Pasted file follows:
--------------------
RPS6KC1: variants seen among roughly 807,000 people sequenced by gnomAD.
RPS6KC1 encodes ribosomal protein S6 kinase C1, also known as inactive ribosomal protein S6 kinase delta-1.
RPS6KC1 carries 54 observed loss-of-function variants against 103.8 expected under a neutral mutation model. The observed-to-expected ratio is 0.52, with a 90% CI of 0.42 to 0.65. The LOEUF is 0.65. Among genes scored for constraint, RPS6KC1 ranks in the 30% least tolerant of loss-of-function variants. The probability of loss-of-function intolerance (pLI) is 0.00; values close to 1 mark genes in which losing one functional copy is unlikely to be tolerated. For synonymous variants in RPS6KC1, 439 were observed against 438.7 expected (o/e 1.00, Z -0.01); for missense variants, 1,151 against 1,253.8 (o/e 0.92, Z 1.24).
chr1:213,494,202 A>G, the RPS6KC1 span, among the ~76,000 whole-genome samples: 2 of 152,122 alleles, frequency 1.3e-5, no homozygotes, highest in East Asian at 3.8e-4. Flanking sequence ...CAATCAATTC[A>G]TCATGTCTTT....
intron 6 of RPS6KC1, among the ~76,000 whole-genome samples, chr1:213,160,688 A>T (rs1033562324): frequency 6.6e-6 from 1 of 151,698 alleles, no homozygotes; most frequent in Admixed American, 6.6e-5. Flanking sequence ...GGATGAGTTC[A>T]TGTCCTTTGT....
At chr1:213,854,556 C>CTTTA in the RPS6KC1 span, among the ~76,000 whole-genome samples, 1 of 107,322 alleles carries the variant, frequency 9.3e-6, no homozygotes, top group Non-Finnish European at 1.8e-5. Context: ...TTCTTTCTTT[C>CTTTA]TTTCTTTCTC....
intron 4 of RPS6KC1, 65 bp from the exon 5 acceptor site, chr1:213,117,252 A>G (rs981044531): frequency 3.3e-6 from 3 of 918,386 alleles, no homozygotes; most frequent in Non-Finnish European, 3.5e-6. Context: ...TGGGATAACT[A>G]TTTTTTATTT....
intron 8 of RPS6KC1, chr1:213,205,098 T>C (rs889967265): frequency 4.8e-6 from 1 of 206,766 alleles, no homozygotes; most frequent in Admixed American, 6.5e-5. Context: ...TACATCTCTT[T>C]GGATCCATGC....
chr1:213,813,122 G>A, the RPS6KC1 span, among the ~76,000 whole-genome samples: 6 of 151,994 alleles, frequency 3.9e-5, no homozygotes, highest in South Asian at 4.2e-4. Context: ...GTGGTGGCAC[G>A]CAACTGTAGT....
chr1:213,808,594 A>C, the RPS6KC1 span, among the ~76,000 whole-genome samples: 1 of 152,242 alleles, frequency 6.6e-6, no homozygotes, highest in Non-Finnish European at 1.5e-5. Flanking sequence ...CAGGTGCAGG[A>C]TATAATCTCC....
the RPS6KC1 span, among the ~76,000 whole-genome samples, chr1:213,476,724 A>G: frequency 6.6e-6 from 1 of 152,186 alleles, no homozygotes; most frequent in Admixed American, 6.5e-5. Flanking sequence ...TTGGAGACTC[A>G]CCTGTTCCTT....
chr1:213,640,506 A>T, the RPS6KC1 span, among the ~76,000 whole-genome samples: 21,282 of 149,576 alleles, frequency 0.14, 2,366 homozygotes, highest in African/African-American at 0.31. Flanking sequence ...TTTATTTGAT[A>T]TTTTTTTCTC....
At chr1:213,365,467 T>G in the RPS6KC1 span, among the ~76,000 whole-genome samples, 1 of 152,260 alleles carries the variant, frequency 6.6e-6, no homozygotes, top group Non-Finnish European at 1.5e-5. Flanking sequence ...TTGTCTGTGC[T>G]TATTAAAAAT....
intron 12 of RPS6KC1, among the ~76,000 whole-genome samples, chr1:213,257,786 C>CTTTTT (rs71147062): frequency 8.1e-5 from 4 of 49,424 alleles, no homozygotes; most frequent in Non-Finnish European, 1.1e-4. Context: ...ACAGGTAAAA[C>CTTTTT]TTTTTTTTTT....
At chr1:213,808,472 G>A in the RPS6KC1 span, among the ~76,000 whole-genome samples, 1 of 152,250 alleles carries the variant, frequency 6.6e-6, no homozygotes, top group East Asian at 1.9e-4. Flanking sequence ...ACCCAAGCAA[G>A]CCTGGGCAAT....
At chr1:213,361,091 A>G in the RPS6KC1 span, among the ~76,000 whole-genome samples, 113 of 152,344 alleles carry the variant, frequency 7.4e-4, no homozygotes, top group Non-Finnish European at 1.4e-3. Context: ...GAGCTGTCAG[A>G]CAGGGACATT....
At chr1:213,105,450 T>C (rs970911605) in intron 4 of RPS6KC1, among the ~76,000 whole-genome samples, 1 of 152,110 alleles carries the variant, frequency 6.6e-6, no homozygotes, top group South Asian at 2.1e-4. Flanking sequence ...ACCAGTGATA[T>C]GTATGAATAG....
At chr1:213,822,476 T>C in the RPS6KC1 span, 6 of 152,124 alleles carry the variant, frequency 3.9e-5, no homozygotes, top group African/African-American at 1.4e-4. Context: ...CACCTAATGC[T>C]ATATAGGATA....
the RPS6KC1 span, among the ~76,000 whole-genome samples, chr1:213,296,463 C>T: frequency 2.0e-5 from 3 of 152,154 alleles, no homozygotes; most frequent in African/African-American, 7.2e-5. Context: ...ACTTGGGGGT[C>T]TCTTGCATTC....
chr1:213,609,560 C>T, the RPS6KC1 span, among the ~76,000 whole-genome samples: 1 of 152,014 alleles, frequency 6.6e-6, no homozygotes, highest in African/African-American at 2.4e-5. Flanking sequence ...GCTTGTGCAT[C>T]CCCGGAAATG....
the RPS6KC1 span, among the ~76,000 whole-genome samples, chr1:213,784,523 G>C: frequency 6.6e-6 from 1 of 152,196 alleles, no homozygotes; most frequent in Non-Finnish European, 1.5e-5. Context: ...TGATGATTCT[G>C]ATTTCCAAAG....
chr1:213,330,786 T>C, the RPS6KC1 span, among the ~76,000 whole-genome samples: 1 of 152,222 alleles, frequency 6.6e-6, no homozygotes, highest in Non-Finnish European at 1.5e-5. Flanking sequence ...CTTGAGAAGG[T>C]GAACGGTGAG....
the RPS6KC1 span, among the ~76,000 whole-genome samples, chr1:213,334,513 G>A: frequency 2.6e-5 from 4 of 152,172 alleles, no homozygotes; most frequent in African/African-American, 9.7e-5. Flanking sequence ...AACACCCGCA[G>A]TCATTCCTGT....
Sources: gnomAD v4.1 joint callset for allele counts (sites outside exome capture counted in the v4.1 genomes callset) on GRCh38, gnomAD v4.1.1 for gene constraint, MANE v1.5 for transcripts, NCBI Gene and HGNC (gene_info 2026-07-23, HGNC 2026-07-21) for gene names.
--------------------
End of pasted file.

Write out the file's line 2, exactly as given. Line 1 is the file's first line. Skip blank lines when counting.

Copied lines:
RPS6KC1 encodes ribosomal protein S6 kinase C1, also known as inactive ribosomal protein S6 kinase delta-1.